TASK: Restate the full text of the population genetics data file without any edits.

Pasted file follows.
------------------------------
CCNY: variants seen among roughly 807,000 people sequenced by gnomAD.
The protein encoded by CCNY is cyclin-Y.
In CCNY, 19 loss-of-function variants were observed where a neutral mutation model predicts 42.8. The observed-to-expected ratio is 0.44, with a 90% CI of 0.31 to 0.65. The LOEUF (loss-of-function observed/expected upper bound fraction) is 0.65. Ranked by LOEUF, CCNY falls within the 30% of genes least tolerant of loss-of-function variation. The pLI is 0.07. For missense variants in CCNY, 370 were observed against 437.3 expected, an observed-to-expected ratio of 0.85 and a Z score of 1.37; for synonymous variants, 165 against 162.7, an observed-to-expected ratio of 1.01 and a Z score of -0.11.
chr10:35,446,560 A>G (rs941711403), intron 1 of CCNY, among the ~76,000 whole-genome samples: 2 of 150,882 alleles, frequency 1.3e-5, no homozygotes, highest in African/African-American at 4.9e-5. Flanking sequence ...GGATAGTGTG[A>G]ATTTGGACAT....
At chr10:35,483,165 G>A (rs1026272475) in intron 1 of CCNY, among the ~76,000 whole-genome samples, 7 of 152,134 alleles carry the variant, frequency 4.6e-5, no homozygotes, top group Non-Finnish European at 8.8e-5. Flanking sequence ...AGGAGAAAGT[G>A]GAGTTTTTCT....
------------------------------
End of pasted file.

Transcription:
CCNY: variants seen among roughly 807,000 people sequenced by gnomAD.
The protein encoded by CCNY is cyclin-Y.
In CCNY, 19 loss-of-function variants were observed where a neutral mutation model predicts 42.8. The observed-to-expected ratio is 0.44, with a 90% CI of 0.31 to 0.65. The LOEUF (loss-of-function observed/expected upper bound fraction) is 0.65. Ranked by LOEUF, CCNY falls within the 30% of genes least tolerant of loss-of-function variation. The pLI is 0.07. For missense variants in CCNY, 370 were observed against 437.3 expected, an observed-to-expected ratio of 0.85 and a Z score of 1.37; for synonymous variants, 165 against 162.7, an observed-to-expected ratio of 1.01 and a Z score of -0.11.
chr10:35,446,560 A>G (rs941711403), intron 1 of CCNY, among the ~76,000 whole-genome samples: 2 of 150,882 alleles, frequency 1.3e-5, no homozygotes, highest in African/African-American at 4.9e-5. Flanking sequence ...GGATAGTGTG[A>G]ATTTGGACAT....
At chr10:35,483,165 G>A (rs1026272475) in intron 1 of CCNY, among the ~76,000 whole-genome samples, 7 of 152,134 alleles carry the variant, frequency 4.6e-5, no homozygotes, top group Non-Finnish European at 8.8e-5. Flanking sequence ...AGGAGAAAGT[G>A]GAGTTTTTCT....